Paul Lawrie kept a bogey off his card for the second day running to open up a two stroke lead midway through the second round of the Johnnie Walker Championships at The Gleneagles Hotel.
The 1999 The Open Championship winner, who is looking for a hat-trick of titles in his native land following that success and his victory in the Dunhill Links at St Andrews in 2001, added a 69 to his opening 67. That gave Lawrie an eight-under-par halfway total of 136.
"I played very well today and I hit the ball extremely solidly," he said. "To be eight under par after two rounds without a bogey on my card is very pleasing here on a course which is demanding."
Northern Ireland's Jonathan Caldwell, a European Tour rookie who was Rory McIlroy's partner in the 2007 Walker Cup when both men were still in the amateur phase of their careers, moved into second place with a superb 66.
Only one under with seven holes to play the 25-year-old from Bangor birdied the 12th and 14th and then finished with three further birdies in a row.
That pushed Lawrie's playing partner Jose Maria Olazabal into a share of third place with Ryder Cup Dane Soren Hansen, France's Gregory Bourdy and Shiv Kapur of India.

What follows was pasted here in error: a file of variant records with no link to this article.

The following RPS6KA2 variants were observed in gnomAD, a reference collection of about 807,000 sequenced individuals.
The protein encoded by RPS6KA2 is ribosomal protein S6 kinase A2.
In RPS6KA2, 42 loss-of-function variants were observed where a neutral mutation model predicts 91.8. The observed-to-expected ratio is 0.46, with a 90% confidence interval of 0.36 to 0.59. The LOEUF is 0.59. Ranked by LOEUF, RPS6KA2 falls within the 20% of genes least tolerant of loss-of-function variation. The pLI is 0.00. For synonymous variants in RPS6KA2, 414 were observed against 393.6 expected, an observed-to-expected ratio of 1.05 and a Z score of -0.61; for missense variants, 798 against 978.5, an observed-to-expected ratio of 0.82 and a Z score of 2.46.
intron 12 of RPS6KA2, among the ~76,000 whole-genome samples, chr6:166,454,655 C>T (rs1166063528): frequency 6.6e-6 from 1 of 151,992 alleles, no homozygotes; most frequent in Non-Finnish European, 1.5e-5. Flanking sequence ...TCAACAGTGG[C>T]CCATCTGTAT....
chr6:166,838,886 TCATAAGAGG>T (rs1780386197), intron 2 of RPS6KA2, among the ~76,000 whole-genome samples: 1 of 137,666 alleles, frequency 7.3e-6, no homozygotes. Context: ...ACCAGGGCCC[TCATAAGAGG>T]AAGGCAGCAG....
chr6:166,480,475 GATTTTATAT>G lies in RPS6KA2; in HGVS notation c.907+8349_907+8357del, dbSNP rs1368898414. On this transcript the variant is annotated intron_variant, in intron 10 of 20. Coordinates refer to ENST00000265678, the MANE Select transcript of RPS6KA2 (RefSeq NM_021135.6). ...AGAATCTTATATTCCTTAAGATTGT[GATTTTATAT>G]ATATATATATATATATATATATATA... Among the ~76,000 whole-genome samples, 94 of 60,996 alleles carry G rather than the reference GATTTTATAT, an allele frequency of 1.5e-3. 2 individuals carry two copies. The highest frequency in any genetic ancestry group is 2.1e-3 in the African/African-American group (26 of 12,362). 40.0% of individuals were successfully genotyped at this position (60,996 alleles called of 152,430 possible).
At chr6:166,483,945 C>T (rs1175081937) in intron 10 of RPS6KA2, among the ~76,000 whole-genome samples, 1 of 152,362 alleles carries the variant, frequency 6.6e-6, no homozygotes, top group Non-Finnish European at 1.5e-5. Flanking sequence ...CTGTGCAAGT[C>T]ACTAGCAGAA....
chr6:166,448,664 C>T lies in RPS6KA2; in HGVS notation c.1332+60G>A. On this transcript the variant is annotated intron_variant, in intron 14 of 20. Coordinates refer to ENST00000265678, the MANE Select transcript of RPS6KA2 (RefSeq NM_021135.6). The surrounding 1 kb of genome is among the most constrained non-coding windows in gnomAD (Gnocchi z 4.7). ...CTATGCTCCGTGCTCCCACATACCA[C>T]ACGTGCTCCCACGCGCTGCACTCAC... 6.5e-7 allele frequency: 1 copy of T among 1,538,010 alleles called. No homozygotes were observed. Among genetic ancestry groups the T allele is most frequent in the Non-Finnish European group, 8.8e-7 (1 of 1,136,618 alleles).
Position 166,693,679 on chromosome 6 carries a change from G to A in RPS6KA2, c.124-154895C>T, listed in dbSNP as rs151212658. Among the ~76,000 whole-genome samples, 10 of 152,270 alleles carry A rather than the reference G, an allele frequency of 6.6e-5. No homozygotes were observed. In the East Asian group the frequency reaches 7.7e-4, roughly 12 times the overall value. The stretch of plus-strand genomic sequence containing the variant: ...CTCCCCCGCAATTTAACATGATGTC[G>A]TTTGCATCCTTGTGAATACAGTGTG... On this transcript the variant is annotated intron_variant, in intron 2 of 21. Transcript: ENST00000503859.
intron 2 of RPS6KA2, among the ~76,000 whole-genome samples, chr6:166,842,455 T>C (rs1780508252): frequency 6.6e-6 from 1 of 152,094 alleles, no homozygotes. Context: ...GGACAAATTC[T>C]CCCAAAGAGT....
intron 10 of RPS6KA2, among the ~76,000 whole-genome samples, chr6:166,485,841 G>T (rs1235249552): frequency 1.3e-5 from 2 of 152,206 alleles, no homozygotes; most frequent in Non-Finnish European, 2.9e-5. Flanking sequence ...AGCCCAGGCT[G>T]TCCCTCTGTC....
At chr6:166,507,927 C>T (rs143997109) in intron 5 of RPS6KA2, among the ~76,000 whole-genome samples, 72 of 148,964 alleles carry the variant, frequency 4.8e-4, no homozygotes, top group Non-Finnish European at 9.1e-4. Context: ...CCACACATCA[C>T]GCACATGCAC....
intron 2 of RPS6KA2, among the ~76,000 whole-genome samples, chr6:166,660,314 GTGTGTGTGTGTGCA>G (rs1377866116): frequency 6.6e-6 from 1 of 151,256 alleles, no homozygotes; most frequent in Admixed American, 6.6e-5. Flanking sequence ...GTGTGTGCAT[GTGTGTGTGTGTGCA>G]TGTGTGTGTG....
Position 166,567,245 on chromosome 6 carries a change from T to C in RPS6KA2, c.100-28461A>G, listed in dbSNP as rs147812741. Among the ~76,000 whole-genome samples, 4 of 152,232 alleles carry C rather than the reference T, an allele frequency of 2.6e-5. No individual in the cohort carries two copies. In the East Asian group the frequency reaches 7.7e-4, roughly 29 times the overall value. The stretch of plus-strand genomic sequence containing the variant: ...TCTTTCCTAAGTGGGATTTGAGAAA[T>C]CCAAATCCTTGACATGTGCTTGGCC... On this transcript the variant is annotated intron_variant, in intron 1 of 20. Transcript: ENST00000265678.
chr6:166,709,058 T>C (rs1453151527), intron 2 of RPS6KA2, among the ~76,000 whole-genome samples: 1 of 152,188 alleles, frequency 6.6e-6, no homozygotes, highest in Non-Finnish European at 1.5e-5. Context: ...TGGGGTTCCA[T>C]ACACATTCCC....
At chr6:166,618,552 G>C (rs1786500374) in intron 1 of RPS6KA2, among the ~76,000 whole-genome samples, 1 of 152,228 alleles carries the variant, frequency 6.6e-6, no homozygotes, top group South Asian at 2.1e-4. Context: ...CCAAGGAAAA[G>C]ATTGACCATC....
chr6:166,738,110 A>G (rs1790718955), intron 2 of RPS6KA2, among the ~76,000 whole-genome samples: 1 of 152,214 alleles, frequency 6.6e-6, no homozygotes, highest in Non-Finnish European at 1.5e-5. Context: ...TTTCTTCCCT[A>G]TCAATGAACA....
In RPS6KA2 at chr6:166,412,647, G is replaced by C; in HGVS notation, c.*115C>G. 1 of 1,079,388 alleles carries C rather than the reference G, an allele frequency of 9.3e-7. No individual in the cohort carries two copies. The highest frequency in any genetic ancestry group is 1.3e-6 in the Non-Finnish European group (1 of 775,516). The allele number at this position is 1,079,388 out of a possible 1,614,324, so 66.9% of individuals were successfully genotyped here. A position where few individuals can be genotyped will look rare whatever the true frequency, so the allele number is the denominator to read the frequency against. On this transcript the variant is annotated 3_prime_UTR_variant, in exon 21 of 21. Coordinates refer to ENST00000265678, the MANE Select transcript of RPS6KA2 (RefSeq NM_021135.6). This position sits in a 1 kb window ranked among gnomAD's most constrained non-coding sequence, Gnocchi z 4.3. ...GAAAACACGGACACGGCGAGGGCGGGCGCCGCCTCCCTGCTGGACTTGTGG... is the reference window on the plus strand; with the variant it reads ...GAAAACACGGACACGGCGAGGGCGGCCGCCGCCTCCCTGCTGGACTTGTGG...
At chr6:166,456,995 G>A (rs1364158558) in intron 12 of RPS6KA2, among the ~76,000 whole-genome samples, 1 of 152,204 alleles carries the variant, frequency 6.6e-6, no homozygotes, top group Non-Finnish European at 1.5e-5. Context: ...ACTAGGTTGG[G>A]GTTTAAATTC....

Olazabal was delighted with a 68 that started with five birdies in six holes.
The 43-year-old Spaniard, whose appearances the last three years have been limited by rheumatism, said: "I can't practise as much as I need and there's still a little bit of pain here and there, especially when I wake up in the morning. You have to take it slow and give yourself time to try to loosen up. I have to live with that for the time being."
Olazabal has not had a top ten finish in Europe since 2006, but he did finish sixth in the US PGA Tour's Verizon Heritage tournament at Hilton Head in April.
Kapur had joined Lawrie out in front by sinking a 90-yard pitch for an eagle three on the 533-yard 18th. But that was his ninth hole of the day and after a birdie at the first he bogeyed the third and ran up a triple bogey six on the short fourth, where he needed three attempts to get out of a bunker.
Also making his presence felt was 19-year-old New Zealander Danny Lee, playing his first event in Europe since becoming the circuit's youngest ever winner in Australia in February.
Lee, who turned professional after the Masters Tournament in April and has based himself in the United States since then, had six birdies, but four bogeys meant he had to be content with a 70 and three under par aggregate.